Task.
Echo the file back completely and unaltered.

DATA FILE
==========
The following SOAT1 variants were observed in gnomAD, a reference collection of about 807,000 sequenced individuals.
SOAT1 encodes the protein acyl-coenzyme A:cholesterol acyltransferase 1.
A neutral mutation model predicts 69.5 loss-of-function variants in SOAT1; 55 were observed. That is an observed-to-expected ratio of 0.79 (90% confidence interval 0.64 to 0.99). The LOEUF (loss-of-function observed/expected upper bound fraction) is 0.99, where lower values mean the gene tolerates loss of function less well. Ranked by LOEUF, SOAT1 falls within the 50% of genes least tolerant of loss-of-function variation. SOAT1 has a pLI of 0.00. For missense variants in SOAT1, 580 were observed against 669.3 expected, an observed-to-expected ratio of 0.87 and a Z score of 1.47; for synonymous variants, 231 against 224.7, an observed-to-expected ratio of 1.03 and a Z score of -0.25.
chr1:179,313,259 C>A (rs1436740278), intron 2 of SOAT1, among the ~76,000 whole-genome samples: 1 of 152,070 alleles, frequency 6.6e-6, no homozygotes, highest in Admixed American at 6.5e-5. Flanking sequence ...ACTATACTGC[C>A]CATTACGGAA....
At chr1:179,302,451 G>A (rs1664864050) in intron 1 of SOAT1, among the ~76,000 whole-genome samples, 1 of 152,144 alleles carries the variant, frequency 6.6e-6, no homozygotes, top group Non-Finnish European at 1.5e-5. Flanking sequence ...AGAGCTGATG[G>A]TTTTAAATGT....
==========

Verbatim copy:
The following SOAT1 variants were observed in gnomAD, a reference collection of about 807,000 sequenced individuals.
SOAT1 encodes the protein acyl-coenzyme A:cholesterol acyltransferase 1.
A neutral mutation model predicts 69.5 loss-of-function variants in SOAT1; 55 were observed. That is an observed-to-expected ratio of 0.79 (90% confidence interval 0.64 to 0.99). The LOEUF (loss-of-function observed/expected upper bound fraction) is 0.99, where lower values mean the gene tolerates loss of function less well. Ranked by LOEUF, SOAT1 falls within the 50% of genes least tolerant of loss-of-function variation. SOAT1 has a pLI of 0.00. For missense variants in SOAT1, 580 were observed against 669.3 expected, an observed-to-expected ratio of 0.87 and a Z score of 1.47; for synonymous variants, 231 against 224.7, an observed-to-expected ratio of 1.03 and a Z score of -0.25.
chr1:179,313,259 C>A (rs1436740278), intron 2 of SOAT1, among the ~76,000 whole-genome samples: 1 of 152,070 alleles, frequency 6.6e-6, no homozygotes, highest in Admixed American at 6.5e-5. Flanking sequence ...ACTATACTGC[C>A]CATTACGGAA....
At chr1:179,302,451 G>A (rs1664864050) in intron 1 of SOAT1, among the ~76,000 whole-genome samples, 1 of 152,144 alleles carries the variant, frequency 6.6e-6, no homozygotes, top group Non-Finnish European at 1.5e-5. Flanking sequence ...AGAGCTGATG[G>A]TTTTAAATGT....